I have been looking at solutions for sharing session data between mutliple war files. I came across the following solution http://www.fwd.at/tomcat/sharing-session-data-howto.html

The basic idea of it is that if you have more than one war file, you can set a cookie using the sessionid of the first context that is used.

The cookie can be set using a path that will apply to all contexts/applications.

For example, if i have the following configuration for 3 applicatons

/myapp/app1
/myapp/app2
/myapp/app3

I can set a cookie as follows

/myapp sessionid.

The sessionid cookie will then be sent to any request with /myapp in the address. This allows the session id to then be used by any of the contexts.

The only problem with this approach is that it was written in 2003 and tested on Tomcat 4.

What are your opinions of this approach? Is there a better way of doing it?

Thanks

up vote 42 down vote accepted

That article is indeed heavily outdated.

On Tomcat 5.5 and 6.0 you can just set emptySessionPath attribute to true in the <Connector> element in /conf/server.xml.

<Connector ... emptySessionPath="true">

On Tomcat 7.0 this has changed because this is now configureable from the Servlet 3.0 API on. It's then on Tomcat's side configureable by setting sessionCookiePath to / in <Context> element in any responsible context.xml file.

<Context ... sessionCookiePath="/">

As said, there's a new Servlet 3.0 API which allows you to configure the session cookie through the standard API. You can do it either declaratively by adding the following to the web.xml:

<session-config>
    <cookie-config>
        <path>/</path>
    </cookie-config>
</session-config>

or programmatically by SessionCookieConfig which is available by ServletContext#getSessionCookieConfig().

getServletContext().getSessionCookieConfig().setPath("/");

You could do this in ServletContextListener#contextInitialized() or HttpServlet#init().

See also:

  • This is very useful information. I dont quite understand how most of it works but at least it gives me a pointer to where and what to investigate further. Are there any examples anywhere of how these are used? I am using Tomcat 6.0 – ziggy Feb 25 '12 at 12:38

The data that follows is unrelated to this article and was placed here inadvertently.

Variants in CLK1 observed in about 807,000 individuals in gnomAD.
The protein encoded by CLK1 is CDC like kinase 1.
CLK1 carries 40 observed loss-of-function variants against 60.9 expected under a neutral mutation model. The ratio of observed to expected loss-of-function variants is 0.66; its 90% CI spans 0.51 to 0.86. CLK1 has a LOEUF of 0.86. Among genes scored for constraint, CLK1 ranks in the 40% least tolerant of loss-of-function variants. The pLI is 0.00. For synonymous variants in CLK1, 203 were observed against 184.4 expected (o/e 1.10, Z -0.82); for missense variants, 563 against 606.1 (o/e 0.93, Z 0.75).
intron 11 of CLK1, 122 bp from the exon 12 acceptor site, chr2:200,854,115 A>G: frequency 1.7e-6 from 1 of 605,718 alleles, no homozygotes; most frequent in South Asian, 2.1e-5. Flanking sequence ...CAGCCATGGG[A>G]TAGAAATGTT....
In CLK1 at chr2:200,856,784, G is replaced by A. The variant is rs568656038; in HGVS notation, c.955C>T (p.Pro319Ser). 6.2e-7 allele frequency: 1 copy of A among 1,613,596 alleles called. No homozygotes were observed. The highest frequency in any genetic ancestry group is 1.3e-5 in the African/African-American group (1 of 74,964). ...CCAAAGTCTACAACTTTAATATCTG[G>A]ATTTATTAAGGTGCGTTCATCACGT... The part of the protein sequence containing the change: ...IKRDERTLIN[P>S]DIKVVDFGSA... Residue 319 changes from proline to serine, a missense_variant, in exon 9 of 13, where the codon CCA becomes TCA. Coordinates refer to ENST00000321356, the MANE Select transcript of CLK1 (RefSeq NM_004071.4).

• The /conf/server.xml is in Tomcat's installation folder. Just open the XML file in a text/xml editor, locate the <Connector> element which is been used to serve your webapps and add emptySessionPath="true" attribute to the element. – BalusC Feb 25 '12 at 12:43
  • If i set emptySessionPath to true, do all applications get the same jsessionid or do they still get different jsessionids? Thanks – ziggy Feb 25 '12 at 12:49
  • setting cookie path on web.xml also works in Glassfish, indeed – Alex Salauyou Jul 17 '14 at 19:26
  • In Tomcat 9 (stackoverflow.com/q/40753753/274677) it seems that the <cookie-config> element in web.xml is ignored. All that matters is the value of the attribute sessionCookiePath in either the tomcat-wide context.xml (in /conf) or the WAR-specific context.xml in META-INF. Can you please clarify your answer whether BOTH context.xml and web.xml need to be set or EITHER and what's the precedence? In my experience only context.xml is used. There is also no mention of web.xml here: tomcat.apache.org/tomcat-7.0-doc/config/context.html – Marcus Junius Brutus Nov 23 '16 at 0:45

To my knowledge there is no direct way to do this, you can however use a domain level cookie if these contexts share the same domain.

You can either put the data in the cookie (I don't recommend that).

Or put a secured session Id that you can use to access some form of storage (DB or distributed cache etc) to retrieve the data you need.

  • I forgot to mention, the context all run within the same Tomcat instance. – ziggy Feb 24 '12 at 19:26
  • I don't think it makes any difference, but I could very much be wrong. – MahdeTo Feb 24 '12 at 19:27
  • The other option i guess is to set the cookie path to "/" – ziggy Feb 24 '12 at 19:37
  • That is what I meant by setting it to the Domain. I think its the only option here. – MahdeTo Feb 24 '12 at 19:43

If the amount of data is not astronomical and the data itself isn't changing too rapidly, you might want to consider using JNDI. This solution was designed exactly for what you are looking for.

You can have a look at official documentation or this post to tomcat-user mailing list for references & examples.

  • could you point me to an example of how this can be achieved. Thanks – ziggy Feb 25 '12 at 12:34
  • Updated the answer. – mindas Feb 25 '12 at 12:57

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